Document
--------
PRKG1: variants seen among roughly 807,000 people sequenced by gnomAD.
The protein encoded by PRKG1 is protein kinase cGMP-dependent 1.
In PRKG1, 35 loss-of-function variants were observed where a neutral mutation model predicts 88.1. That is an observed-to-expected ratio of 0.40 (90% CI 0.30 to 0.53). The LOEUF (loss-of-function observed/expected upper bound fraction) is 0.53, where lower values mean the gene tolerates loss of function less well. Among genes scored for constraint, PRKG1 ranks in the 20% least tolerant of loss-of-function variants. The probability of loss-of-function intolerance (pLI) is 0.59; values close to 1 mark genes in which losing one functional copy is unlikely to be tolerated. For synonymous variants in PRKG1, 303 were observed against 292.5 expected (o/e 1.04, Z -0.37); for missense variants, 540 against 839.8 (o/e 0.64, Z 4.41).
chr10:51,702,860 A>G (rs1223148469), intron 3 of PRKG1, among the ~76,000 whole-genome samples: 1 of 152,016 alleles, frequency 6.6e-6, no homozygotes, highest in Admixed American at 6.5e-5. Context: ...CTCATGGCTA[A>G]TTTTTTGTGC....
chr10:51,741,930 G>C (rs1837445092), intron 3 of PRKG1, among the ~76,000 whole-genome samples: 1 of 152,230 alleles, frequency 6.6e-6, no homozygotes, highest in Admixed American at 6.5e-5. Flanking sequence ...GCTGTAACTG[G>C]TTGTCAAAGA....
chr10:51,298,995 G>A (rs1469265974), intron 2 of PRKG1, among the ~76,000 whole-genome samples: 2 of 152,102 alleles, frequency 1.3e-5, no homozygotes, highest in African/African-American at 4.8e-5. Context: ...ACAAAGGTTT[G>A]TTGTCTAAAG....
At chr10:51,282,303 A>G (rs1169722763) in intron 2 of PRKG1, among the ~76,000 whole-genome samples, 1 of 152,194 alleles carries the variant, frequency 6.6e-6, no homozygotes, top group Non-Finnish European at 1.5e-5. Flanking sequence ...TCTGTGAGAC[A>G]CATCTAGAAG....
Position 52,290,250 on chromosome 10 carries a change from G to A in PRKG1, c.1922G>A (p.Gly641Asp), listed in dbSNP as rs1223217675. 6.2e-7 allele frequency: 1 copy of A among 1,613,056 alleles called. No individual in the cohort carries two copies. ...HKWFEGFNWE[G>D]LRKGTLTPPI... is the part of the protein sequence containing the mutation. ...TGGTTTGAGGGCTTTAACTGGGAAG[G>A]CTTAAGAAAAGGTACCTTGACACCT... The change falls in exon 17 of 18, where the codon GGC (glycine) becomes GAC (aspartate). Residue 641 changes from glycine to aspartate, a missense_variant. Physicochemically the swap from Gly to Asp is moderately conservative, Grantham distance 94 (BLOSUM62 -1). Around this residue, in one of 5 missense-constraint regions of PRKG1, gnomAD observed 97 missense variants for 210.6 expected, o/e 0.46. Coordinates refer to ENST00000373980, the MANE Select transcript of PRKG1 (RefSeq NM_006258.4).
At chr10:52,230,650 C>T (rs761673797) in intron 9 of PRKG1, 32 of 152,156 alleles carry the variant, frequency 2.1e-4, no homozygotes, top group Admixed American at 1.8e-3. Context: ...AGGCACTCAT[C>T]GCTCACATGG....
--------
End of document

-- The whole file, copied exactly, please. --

PRKG1: variants seen among roughly 807,000 people sequenced by gnomAD.
The protein encoded by PRKG1 is protein kinase cGMP-dependent 1.
In PRKG1, 35 loss-of-function variants were observed where a neutral mutation model predicts 88.1. That is an observed-to-expected ratio of 0.40 (90% CI 0.30 to 0.53). The LOEUF (loss-of-function observed/expected upper bound fraction) is 0.53, where lower values mean the gene tolerates loss of function less well. Among genes scored for constraint, PRKG1 ranks in the 20% least tolerant of loss-of-function variants. The probability of loss-of-function intolerance (pLI) is 0.59; values close to 1 mark genes in which losing one functional copy is unlikely to be tolerated. For synonymous variants in PRKG1, 303 were observed against 292.5 expected (o/e 1.04, Z -0.37); for missense variants, 540 against 839.8 (o/e 0.64, Z 4.41).
chr10:51,702,860 A>G (rs1223148469), intron 3 of PRKG1, among the ~76,000 whole-genome samples: 1 of 152,016 alleles, frequency 6.6e-6, no homozygotes, highest in Admixed American at 6.5e-5. Context: ...CTCATGGCTA[A>G]TTTTTTGTGC....
chr10:51,741,930 G>C (rs1837445092), intron 3 of PRKG1, among the ~76,000 whole-genome samples: 1 of 152,230 alleles, frequency 6.6e-6, no homozygotes, highest in Admixed American at 6.5e-5. Flanking sequence ...GCTGTAACTG[G>C]TTGTCAAAGA....
chr10:51,298,995 G>A (rs1469265974), intron 2 of PRKG1, among the ~76,000 whole-genome samples: 2 of 152,102 alleles, frequency 1.3e-5, no homozygotes, highest in African/African-American at 4.8e-5. Context: ...ACAAAGGTTT[G>A]TTGTCTAAAG....
At chr10:51,282,303 A>G (rs1169722763) in intron 2 of PRKG1, among the ~76,000 whole-genome samples, 1 of 152,194 alleles carries the variant, frequency 6.6e-6, no homozygotes, top group Non-Finnish European at 1.5e-5. Flanking sequence ...TCTGTGAGAC[A>G]CATCTAGAAG....
Position 52,290,250 on chromosome 10 carries a change from G to A in PRKG1, c.1922G>A (p.Gly641Asp), listed in dbSNP as rs1223217675. 6.2e-7 allele frequency: 1 copy of A among 1,613,056 alleles called. No individual in the cohort carries two copies. ...HKWFEGFNWE[G>D]LRKGTLTPPI... is the part of the protein sequence containing the mutation. ...TGGTTTGAGGGCTTTAACTGGGAAG[G>A]CTTAAGAAAAGGTACCTTGACACCT... The change falls in exon 17 of 18, where the codon GGC (glycine) becomes GAC (aspartate). Residue 641 changes from glycine to aspartate, a missense_variant. Physicochemically the swap from Gly to Asp is moderately conservative, Grantham distance 94 (BLOSUM62 -1). Around this residue, in one of 5 missense-constraint regions of PRKG1, gnomAD observed 97 missense variants for 210.6 expected, o/e 0.46. Coordinates refer to ENST00000373980, the MANE Select transcript of PRKG1 (RefSeq NM_006258.4).
At chr10:52,230,650 C>T (rs761673797) in intron 9 of PRKG1, 32 of 152,156 alleles carry the variant, frequency 2.1e-4, no homozygotes, top group Admixed American at 1.8e-3. Context: ...AGGCACTCAT[C>T]GCTCACATGG....